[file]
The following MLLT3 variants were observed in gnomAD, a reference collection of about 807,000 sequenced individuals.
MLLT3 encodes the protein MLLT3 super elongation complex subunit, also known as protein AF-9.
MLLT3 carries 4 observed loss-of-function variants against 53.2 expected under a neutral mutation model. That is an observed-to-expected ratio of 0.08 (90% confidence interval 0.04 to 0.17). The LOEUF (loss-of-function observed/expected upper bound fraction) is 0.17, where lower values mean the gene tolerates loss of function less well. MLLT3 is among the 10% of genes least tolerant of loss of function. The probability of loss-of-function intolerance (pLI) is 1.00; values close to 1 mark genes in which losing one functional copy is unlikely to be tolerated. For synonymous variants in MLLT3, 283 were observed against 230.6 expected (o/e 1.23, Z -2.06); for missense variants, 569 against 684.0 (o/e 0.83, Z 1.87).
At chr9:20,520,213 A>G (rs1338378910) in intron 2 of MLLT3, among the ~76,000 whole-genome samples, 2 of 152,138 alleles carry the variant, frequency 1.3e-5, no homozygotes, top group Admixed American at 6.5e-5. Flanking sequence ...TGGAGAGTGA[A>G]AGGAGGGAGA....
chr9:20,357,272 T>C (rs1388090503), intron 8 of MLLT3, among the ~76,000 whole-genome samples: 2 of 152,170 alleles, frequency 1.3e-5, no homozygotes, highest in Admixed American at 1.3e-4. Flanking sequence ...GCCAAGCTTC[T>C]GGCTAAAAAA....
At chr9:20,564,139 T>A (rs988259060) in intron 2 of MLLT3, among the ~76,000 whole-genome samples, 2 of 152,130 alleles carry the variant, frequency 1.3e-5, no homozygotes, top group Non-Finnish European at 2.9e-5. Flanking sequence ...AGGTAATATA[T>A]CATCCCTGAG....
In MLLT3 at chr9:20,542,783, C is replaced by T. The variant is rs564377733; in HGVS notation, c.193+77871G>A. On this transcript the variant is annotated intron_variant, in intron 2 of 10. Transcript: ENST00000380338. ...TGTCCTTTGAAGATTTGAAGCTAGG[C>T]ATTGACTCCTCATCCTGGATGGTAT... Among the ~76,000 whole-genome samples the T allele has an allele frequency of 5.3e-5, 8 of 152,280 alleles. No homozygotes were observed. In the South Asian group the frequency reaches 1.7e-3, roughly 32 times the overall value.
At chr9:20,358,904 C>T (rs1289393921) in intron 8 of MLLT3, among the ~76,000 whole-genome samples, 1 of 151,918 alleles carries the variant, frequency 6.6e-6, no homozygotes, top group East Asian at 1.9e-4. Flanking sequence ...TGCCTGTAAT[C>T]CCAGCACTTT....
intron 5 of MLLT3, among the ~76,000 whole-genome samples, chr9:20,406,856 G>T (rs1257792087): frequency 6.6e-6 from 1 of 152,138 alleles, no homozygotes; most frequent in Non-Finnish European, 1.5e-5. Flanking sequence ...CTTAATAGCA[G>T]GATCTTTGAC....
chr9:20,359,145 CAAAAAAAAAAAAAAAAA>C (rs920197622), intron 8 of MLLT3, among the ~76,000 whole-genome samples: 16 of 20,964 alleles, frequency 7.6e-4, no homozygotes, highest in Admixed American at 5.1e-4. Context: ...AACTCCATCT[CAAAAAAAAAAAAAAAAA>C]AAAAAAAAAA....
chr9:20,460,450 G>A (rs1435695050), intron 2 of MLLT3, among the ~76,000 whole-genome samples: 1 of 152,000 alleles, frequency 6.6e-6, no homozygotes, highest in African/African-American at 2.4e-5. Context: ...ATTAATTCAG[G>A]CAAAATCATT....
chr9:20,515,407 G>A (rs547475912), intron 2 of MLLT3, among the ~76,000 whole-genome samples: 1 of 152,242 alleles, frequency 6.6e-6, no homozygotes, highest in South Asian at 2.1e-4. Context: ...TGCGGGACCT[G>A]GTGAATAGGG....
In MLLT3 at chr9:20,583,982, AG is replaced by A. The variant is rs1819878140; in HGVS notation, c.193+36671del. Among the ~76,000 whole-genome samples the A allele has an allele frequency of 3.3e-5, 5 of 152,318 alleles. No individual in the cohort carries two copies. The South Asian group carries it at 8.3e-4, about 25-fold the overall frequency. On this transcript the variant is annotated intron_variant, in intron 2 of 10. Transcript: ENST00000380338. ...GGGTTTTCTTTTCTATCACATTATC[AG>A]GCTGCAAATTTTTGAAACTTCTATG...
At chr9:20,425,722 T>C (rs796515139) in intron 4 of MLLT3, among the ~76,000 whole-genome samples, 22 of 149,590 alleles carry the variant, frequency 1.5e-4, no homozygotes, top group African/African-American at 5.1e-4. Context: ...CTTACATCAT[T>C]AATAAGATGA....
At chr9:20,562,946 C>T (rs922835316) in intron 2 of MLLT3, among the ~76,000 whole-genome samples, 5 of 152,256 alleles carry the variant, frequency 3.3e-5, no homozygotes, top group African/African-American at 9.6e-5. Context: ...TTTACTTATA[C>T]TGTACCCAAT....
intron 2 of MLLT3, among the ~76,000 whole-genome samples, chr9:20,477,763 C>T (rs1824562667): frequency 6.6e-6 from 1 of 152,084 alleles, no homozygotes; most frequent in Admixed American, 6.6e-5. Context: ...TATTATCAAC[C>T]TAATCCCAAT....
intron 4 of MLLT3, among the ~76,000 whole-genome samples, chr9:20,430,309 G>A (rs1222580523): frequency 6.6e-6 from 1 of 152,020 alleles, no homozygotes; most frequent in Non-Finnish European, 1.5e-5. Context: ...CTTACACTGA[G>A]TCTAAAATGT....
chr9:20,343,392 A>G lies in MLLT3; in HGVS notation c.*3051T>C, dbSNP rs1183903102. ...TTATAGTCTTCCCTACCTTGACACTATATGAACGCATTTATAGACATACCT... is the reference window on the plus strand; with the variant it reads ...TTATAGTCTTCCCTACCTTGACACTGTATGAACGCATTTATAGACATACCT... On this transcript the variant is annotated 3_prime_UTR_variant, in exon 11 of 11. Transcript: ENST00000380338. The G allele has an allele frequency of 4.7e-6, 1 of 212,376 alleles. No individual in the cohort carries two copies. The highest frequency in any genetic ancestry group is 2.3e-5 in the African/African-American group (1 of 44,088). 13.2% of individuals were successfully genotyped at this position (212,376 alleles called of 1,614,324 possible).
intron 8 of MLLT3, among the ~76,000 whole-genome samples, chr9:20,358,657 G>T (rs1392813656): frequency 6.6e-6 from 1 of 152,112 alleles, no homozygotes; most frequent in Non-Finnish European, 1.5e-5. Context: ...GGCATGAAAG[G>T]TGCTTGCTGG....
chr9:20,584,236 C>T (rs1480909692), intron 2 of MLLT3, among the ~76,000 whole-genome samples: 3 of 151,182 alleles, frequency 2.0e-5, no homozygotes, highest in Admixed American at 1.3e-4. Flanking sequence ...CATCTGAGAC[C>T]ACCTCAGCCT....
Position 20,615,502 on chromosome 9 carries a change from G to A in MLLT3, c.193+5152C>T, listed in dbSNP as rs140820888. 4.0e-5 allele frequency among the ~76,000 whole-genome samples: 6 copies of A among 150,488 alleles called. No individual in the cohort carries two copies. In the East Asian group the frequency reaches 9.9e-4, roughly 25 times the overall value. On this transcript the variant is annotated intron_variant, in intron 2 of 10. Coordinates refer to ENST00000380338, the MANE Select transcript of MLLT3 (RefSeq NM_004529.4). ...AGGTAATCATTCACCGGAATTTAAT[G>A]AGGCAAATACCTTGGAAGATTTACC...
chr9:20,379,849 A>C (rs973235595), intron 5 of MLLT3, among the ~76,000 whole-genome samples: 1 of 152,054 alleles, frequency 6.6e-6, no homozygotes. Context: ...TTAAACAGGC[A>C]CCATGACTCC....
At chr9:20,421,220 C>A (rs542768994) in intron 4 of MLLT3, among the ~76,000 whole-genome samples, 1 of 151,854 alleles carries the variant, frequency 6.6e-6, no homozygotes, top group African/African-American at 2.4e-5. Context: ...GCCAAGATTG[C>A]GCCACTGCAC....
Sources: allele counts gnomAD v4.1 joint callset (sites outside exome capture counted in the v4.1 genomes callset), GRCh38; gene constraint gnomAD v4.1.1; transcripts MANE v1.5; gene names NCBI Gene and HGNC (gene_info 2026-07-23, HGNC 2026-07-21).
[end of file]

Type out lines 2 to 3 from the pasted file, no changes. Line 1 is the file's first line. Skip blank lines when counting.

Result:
MLLT3 encodes the protein MLLT3 super elongation complex subunit, also known as protein AF-9.
MLLT3 carries 4 observed loss-of-function variants against 53.2 expected under a neutral mutation model. That is an observed-to-expected ratio of 0.08 (90% confidence interval 0.04 to 0.17). The LOEUF (loss-of-function observed/expected upper bound fraction) is 0.17, where lower values mean the gene tolerates loss of function less well. MLLT3 is among the 10% of genes least tolerant of loss of function. The probability of loss-of-function intolerance (pLI) is 1.00; values close to 1 mark genes in which losing one functional copy is unlikely to be tolerated. For synonymous variants in MLLT3, 283 were observed against 230.6 expected (o/e 1.23, Z -2.06); for missense variants, 569 against 684.0 (o/e 0.83, Z 1.87).